Businesses want to get personal with their customers to better understand their intentions, behaviors and desires, in order to create trust, build loyalty, and of course, drive revenues. It’s also something customers are coming to expect in an internet-driven economy. Today’s consumers are looking for intuitive shopping venues, compelling product information, personal recommendations based on their preferences, seamless transactions and a consistent experience, regardless of the channel they’re using.
For retailers, manufacturers and distributors, the key to understanding their customers and building a relationship with them is in their data, specifically master data. Reinvented models of multi-domain master data management (MDM), built on new technologies and insights, can help retailers, manufacturers and distributors combine data from across the spectrum, including product, customer, location and supply data, to improve the customer experience and increase sales, while also reducing costs. Multi-domain MDM can also help these organizations better understand not only the customer, but also the marketplace, allowing them to anticipate trends and respond more quickly to shifts in customer interest.
How data is impacting the way goods are made, moved and sold
The new economy has blurred the lines between production, supply, sale and other traditionally separate elements of consumer sales.
Retailers. Retailers, for example, need both master data and operational data in order to provide a unified, holistic experience. For instance, users may interact with the same product using a marketplace or a wholesaler’s website. The journey to that product may take different routes, but the same information is still needed as consistency in the way the product is presented is crucial. Combining these two data sources by leveraging advanced technologies provides a more unified experience and increases the product’s competitive advantage.
Take the use of machine learning (ML) and artificial intelligence (AI), which can help create a contextualized, empathic customer experience. AI’s role in the process is flexible, depending on the use cases or business outcomes being sought, but at a high-level the technology can help provide new insights into data on what customers are buying, why they’re buying and what channels they’re using, answering questions such as: What drives a consumer to shop? What drives a sale? What types of products are customers willing to pay more for?
AI analytics, along with other technologies like 3D virtual reality (VR), can also draw on data to help customers experience a product, putting it in context and telling a story they can relate to. MDM and product information management (PIM) combined with VR can, for example, allow retailers to offer customers highly detailed 3D tours of stores—tailored even to individual stores—and products down to the atomic level of product data, attributes and metadata. It can incorporate dynamic modeling of customer behavior to make the experience even richer. It’s an approach that can build brand loyalty and trust with the customer.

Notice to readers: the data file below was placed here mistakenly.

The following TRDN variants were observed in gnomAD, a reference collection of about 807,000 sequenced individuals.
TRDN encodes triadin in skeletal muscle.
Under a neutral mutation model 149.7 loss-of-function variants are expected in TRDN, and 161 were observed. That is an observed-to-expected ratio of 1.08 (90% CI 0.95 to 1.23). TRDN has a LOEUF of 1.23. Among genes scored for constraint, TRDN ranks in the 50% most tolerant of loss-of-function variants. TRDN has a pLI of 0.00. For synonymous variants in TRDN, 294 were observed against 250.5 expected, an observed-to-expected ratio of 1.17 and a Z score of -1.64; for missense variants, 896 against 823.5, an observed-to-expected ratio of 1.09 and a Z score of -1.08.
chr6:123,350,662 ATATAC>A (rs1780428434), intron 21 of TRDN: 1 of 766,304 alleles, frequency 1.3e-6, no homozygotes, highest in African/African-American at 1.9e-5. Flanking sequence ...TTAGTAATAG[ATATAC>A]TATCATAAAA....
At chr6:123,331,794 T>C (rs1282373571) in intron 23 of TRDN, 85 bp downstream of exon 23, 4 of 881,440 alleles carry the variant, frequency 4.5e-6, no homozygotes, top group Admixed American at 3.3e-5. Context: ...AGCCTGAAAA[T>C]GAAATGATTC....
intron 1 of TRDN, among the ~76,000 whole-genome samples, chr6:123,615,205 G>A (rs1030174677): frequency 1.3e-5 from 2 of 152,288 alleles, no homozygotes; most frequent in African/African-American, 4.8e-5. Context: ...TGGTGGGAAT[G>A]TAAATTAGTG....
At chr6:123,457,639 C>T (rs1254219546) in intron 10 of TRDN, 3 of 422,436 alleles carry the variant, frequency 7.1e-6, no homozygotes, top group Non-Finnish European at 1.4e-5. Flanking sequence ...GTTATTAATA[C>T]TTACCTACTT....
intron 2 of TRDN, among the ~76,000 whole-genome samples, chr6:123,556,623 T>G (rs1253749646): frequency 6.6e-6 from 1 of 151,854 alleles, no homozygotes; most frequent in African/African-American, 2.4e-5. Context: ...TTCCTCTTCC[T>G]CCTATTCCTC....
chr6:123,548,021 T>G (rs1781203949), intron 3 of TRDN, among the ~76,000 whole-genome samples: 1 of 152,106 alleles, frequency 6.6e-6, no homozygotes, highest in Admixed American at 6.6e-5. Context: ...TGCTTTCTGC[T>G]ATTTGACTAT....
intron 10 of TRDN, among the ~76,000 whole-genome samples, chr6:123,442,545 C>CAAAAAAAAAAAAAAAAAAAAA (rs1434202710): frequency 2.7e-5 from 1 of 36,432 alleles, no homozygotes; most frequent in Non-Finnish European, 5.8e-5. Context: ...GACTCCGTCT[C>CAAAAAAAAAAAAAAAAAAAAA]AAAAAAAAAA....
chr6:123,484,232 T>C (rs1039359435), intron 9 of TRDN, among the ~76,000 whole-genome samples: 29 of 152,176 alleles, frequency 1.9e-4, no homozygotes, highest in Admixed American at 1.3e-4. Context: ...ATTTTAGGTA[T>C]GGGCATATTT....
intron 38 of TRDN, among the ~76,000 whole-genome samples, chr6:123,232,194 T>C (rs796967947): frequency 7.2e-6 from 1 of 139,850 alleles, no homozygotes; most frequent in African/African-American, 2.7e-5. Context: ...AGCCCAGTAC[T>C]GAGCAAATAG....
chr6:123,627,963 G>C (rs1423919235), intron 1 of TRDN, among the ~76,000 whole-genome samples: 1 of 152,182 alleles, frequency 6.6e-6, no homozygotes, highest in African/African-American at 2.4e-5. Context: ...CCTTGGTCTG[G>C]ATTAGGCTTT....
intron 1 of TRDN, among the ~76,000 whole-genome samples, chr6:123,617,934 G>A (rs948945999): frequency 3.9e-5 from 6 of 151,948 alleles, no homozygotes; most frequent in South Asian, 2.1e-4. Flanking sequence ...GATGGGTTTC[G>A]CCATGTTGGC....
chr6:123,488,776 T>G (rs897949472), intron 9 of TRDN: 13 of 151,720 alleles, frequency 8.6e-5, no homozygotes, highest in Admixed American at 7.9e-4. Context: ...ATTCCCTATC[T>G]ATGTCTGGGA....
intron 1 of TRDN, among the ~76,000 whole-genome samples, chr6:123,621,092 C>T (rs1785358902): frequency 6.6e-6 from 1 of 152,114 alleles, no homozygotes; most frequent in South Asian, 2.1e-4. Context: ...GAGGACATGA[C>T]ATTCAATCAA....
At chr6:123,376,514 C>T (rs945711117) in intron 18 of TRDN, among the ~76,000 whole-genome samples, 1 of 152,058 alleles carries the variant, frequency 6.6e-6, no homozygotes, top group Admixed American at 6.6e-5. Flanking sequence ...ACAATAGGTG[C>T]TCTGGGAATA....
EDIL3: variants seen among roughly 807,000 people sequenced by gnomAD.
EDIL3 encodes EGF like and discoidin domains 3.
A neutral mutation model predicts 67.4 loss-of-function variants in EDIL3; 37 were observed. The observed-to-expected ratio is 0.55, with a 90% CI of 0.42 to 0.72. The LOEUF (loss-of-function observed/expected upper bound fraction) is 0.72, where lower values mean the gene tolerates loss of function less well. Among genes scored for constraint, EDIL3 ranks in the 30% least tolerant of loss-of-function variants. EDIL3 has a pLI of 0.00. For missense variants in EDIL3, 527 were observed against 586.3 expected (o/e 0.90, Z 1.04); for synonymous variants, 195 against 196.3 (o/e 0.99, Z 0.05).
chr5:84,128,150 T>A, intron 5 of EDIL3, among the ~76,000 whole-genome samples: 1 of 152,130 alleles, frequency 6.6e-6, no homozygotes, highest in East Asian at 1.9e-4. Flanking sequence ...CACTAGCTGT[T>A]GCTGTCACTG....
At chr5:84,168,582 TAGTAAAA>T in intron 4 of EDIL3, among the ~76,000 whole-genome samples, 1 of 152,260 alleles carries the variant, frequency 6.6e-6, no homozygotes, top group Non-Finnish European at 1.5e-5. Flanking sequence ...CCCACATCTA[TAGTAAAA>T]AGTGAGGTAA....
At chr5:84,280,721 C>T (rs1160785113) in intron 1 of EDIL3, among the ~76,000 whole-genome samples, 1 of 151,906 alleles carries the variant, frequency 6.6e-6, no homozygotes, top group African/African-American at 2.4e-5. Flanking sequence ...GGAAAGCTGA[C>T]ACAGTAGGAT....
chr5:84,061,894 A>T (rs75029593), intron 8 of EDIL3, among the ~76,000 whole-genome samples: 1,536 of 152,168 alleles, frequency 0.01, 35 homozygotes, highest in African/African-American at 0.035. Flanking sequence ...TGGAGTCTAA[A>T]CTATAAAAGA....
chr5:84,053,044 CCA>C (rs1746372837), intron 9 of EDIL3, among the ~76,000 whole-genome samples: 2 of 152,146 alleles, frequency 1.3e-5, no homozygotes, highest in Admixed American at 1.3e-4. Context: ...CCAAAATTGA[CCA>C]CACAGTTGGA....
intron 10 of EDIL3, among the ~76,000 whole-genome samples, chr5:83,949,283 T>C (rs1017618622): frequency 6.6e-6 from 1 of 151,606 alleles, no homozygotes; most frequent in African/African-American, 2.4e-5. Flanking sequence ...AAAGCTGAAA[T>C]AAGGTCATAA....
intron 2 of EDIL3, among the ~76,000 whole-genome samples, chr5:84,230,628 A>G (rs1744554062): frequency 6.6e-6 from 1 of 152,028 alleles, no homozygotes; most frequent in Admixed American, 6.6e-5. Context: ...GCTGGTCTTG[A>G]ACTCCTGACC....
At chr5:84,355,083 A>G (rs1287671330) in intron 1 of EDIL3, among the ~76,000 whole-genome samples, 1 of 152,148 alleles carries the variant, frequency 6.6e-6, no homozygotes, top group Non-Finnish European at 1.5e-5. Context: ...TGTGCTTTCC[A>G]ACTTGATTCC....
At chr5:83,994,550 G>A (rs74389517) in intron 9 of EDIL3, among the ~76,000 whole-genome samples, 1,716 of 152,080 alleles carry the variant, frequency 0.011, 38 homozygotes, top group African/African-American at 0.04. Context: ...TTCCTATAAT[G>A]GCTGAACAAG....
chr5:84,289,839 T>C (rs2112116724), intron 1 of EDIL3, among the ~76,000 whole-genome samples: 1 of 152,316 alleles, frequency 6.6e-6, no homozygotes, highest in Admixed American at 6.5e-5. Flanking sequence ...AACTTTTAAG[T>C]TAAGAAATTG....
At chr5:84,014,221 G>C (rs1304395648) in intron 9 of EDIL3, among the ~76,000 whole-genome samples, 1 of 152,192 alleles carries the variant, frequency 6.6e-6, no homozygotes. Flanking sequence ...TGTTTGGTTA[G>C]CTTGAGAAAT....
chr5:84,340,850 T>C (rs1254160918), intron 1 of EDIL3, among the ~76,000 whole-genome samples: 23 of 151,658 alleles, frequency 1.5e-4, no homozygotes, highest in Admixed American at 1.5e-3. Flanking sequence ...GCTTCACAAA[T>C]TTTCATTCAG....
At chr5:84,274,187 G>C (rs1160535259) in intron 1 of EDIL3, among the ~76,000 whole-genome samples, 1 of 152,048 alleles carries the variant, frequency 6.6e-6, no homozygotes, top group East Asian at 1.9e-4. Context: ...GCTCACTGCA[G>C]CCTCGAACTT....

Manufacturers. Manufacturers are also being enabled by data. Today, they’re much like retailers in their direct-to-customer approach. They take the same dynamic approach to understanding their customers and combine operational data with product and consumer data to improve the customer experience and boost their revenues. Where manufacturers really thrive is in understanding what’s in demand. This is crucial for manufacturers. By driving these insights, they can feed that knowledge back to their development lifecycle. This means, changing products in real-time if needed so that there’s an increased chance of making a sale.
Distributors. Distributors, the third leg of the equation, are also benefiting from improved data management. Mainly, data is helping these organizations make what’s otherwise extremely complicated much easier to understand. With real-time insights into package sizes, load sizes, product movements and consumption, distributors can be sure they’re in the right place and the right time to maximize operations. With MDM, brands can work more efficiently and effectively leveraging location and product data to stock supplies.
Layering in, this data can help companies determine if something isn’t selling, so that can adapt accordingly. These distributors are key to making these decisions, as they’re closer to the suppliers, so can glean insights from data to excel operations within this area.
MDM: Crucial at every step
Retailers, manufacturers and distributors all want to get competitively better, and with operations today more intertwined than ever, more companies are finding that sharing data is the key to unlocking this success. By employing multi-domain MDM, these organizations can work together more effectively to improve sales overall.
When looking at the way goods are made, moved and sold, it’s a high-stakes race to capture consumer interest and deliver to customer’s high expectations. With multi-domain MDM, retailers, manufacturers and distributors are keeping pace with the market and beating out competitors who have yet to figure it out.